Like any productive college student, I was going through my Twitter feed one morning when I read this from my fellow Unionite, Harry Smith (better known as “HarryDaHero”).
Seriously how did Vance joy not win the VMA? Fetty Wapp or whatever his name is? Losing faith in humanity— HarryDaHero (@HarryDaHero) August 31, 2015
I silently agreed as I continued scrolling. A few seconds later, however, I had to pause and think about the Video Music Awards (VMAs) that had happened the night before, as well as all related events that recognize the achievements of musicians and bands in the industry.
Whether it’s by fans or committees, a general consensus is made on who is worthy of these sought-after trophies. Acquiring these awards, or even being nominated for them, is a huge boost to a musician's credentials as they look to build off of their successes and aspirations.
That being said, these award shows (embellished by key live performances) mostly pass out achievements to the top percenters of the music industry. This creates a vicious cycle of blowing up triple platinum artists with simultaneous suppression of the underground and independent music acts. There is a network-based formula for reaching and staying at the top of the music world that only feeds these top percenters, while the rest of the world population is starved of a vast amount of untapped talent.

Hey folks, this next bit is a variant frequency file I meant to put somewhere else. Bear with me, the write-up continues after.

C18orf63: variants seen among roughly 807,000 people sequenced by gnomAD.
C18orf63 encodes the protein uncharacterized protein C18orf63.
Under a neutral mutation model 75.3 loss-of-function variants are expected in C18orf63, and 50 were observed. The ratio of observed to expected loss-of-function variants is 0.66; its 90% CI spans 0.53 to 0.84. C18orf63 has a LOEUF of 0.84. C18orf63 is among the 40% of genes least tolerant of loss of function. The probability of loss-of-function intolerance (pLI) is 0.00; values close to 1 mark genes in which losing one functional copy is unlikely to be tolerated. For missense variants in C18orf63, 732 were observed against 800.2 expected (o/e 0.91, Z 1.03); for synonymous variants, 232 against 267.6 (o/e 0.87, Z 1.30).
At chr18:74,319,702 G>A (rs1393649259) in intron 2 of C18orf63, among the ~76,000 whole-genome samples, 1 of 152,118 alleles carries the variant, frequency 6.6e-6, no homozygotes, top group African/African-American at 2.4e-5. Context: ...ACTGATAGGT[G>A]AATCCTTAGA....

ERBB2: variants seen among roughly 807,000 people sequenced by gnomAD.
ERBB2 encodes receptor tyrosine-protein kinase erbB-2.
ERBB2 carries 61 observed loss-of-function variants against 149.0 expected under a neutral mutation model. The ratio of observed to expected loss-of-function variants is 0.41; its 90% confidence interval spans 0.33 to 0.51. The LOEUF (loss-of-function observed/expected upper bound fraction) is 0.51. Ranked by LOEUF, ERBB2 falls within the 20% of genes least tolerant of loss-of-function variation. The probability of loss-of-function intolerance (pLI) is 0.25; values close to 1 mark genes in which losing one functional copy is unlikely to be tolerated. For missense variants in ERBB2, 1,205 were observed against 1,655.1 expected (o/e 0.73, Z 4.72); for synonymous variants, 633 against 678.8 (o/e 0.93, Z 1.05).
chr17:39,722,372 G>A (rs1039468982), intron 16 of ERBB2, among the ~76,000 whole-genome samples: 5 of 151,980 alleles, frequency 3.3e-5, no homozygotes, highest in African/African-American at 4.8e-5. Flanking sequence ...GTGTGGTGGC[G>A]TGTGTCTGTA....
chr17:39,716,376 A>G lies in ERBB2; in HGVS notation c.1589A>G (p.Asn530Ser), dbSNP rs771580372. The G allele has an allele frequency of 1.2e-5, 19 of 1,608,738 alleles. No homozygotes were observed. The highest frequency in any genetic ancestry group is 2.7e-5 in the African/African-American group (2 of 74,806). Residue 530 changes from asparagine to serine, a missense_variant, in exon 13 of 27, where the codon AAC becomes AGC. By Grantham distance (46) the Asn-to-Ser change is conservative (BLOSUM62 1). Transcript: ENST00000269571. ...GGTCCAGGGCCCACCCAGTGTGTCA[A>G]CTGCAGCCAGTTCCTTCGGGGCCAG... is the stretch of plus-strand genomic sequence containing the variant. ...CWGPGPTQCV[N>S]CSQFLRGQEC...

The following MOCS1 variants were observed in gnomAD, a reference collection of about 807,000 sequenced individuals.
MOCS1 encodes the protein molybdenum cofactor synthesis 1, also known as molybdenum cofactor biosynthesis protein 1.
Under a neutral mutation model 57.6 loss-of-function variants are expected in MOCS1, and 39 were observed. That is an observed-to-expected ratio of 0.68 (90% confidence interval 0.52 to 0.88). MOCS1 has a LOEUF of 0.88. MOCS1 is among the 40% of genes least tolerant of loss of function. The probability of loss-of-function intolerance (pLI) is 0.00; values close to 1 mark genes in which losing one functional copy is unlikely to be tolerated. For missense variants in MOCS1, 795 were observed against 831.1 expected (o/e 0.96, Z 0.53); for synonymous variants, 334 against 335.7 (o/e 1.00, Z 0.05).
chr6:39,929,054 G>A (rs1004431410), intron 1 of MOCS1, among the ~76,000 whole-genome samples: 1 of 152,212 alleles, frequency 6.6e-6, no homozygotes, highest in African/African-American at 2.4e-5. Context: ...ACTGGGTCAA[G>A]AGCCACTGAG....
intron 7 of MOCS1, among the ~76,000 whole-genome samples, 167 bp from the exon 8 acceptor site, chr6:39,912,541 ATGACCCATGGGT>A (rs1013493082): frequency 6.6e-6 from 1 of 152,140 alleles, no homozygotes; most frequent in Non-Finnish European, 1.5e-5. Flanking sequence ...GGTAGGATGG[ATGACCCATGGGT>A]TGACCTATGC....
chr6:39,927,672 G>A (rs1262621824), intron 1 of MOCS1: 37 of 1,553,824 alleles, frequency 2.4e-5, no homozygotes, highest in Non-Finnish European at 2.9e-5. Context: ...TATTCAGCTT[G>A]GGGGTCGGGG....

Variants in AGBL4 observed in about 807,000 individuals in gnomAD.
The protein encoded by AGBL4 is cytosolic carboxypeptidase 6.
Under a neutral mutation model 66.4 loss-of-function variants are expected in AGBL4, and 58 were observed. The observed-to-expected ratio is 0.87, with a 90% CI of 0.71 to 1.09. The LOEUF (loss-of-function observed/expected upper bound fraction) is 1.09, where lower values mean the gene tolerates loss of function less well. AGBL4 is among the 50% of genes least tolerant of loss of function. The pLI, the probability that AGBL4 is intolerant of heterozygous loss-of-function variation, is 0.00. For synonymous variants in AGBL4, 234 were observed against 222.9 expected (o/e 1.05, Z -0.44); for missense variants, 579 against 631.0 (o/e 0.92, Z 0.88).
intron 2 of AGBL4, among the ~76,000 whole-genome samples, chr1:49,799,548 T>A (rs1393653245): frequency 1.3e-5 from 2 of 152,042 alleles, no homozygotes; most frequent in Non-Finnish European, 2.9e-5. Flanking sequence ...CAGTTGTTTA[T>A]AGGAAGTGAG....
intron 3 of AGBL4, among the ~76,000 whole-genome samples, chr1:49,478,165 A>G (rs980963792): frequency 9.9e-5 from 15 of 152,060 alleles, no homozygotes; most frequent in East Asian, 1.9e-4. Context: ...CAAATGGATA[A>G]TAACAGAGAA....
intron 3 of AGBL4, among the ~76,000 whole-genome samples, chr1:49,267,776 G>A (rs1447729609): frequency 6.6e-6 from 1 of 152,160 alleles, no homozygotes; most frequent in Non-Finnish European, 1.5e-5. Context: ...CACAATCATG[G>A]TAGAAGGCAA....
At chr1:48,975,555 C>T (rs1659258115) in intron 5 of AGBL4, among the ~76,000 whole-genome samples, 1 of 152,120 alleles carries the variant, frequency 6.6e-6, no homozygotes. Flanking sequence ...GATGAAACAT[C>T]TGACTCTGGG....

The opinion-based, Democratic-style voting process for "Best Male Artist" or "Best Female Singer/Songwriter" is exactly what its name implies: opinion-based. From Harry to Dr. Holdsworth, whether we are a Grammy committee member or just a regular college student, we as humans are capable of independent thought. We create our own opinions based on different musical preferences.
So is the problem with award shows our mere opinions?
Put the opinions and facts together, and it is clearly seen that there is more to be desired. Awards, accolades, and shiny acts by artists are hardly a smidge on the tip of the iceberg that we as music enthusiasts tend to stay on. As I recently heard in a chapel message by local pastor Cedric Belcher, "Stretch."
Stretch your musical preferences to the up-and-coming. For in all honesty, these are typically the most authentic individuals in all the industry.
AJ is a senior studying communication.